Autoblog has published an in-depth interview with Lieff Cabraser founding partner Elizabeth Cabraser focusing on the Volkswagen diesel emissions scandal and her role as Lead Counsel for the Plaintiffs’ Steering Committee in the litigation surrounding VW’s 2015 admission that it had doctored engine software in millions of vehicles to produce reduced emissions during formal testing. In late July 2016 Judge Charles Breyer of the U.S. District Court granted preliminary approval to a $14.7 billion settlement in the Volkswagen diesel emissions case, where more than 500 federal lawsuits have been filed and consolidated into one complaint against the automaker for its “dirty diesel” vehicles.
Autoblog’s interview covers a wide range of topics, from the nuances and mechanics of Cabraser’s management of the Volkswagen emissions litigation to her past experiences in cases such as the Exxon Valdez oil spill and the BP Deepwater Horizon environmental disaster. Cabraser’s unique vantage point on the case provides extraordinary insight into the VW case, one of the largest in U.S. history. Asked about the sheer size of the litigation, she noted, “it’s complicated because people have to make decisions about their own cars and then the parties have to make sure those decisions are honored and implemented and compensated in a real and accountable way. We have to do that with approximately 475,000 vehicles, so that’s 475,000 decisions that people have to make….”
The challenge … is to try to use the legal processes that we have, the laws that we have, the remedies that we have … to actually fix the problem.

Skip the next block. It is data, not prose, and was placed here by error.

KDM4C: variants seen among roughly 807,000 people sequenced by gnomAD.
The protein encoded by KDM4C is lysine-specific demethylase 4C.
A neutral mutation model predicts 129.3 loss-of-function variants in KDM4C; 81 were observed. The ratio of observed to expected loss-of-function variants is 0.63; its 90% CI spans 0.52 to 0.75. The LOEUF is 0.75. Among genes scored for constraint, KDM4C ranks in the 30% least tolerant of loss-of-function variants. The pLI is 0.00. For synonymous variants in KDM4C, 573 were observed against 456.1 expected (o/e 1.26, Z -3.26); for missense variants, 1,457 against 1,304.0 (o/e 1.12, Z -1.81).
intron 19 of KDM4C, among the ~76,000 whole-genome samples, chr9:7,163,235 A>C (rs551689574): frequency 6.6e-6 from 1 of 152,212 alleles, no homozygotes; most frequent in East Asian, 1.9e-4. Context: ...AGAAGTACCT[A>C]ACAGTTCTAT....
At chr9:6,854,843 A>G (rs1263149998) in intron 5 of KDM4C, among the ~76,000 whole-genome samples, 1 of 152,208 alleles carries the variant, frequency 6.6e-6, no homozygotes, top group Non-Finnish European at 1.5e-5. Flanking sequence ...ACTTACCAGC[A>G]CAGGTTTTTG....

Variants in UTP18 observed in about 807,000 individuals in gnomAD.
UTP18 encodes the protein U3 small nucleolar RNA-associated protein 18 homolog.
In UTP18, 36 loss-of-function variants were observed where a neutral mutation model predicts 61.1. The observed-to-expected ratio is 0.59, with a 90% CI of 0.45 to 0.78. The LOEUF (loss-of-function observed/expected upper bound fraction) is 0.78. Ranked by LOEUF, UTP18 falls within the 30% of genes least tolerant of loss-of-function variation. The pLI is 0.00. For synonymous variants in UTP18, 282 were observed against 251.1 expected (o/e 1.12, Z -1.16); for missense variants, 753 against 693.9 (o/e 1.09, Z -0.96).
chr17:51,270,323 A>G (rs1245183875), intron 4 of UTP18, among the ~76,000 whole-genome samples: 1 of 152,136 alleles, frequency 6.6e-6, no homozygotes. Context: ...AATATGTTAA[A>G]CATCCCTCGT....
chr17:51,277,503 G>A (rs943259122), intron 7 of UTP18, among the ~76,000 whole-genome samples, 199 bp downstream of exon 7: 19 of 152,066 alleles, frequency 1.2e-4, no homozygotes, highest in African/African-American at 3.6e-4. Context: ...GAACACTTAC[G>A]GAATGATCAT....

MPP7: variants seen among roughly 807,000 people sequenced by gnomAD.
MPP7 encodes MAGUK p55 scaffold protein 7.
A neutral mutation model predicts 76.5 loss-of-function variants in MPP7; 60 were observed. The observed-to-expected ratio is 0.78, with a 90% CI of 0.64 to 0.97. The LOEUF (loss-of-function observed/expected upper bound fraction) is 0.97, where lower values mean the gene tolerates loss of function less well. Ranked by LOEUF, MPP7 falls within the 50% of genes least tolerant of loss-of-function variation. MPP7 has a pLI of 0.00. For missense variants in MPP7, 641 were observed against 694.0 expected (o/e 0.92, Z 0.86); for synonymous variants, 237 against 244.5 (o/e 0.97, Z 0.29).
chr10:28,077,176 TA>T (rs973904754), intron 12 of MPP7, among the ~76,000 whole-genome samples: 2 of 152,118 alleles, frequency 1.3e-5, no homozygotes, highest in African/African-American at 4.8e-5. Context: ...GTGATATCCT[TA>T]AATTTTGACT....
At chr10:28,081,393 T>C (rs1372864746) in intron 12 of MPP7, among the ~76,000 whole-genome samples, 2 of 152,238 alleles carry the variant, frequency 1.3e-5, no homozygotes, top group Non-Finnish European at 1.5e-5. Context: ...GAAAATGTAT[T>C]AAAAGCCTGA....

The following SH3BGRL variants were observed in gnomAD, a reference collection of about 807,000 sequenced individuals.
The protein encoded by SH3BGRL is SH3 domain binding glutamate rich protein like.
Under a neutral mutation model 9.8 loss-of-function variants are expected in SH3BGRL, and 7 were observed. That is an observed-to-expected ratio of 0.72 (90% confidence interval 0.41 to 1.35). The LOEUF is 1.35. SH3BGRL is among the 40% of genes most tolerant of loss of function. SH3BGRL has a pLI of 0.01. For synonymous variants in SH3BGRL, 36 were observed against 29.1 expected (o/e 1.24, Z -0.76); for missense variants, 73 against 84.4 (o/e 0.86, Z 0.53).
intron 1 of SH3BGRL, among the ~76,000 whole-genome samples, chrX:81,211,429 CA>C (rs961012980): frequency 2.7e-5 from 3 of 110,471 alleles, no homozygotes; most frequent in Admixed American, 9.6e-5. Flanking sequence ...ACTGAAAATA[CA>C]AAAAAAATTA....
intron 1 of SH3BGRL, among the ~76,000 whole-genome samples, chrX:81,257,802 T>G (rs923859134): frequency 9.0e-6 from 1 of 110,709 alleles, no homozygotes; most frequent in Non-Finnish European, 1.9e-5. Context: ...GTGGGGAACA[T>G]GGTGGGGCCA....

With respect to affected U.S. Volkswagen owners and lessees, Cabraser commented, “The decision that people have to make at this point in time is really the front-end threshold position. Do I participate in the buyback now or do I wait for the fix to be approved to see if it’s something that’s going to work for me? And that’s the choice people have, and of course, they can change their minds at any point in the process.”
Cabraser addressed the underlying nature and scale of the VW litigation, pointing out that, “when I talk about the litigations, I talk about it as a case or a lawsuit, actually it’s a consolidation of hundreds of lawsuits that were brought last fall in the wake of the scandal and had to be coordinated through the federal court system. One judge, one court, one place.” And more: “This is litigation by committee and this is litigation, that under the court’s directive, has had to move at warp speed for very compelling reasons, which is to get out there and reduce the environmental harm and reduce the problem.”
You didn’t invest in the right way in the low-emissions technology that you promised, so guess what? You’re going to invest in everybody else’s.
The Volkswagen emissions settlement is one of the largest payments in American history and many times higher than the previous automotive industry record. It exemplifies the best of the American judicial system, illustrating the resolution of a significant portion of one of the most massive multidistrict class actions at what Law360 referred to as “lightning speed.” By way of contrast, the average duration of MDL cases from filing to close that closed in 2016 through June 15 was five and a half years, according to data from the Judicial Panel on Multidistrict Litigation.
Ms. Cabraser’s full interview is available online on the Autoblog website.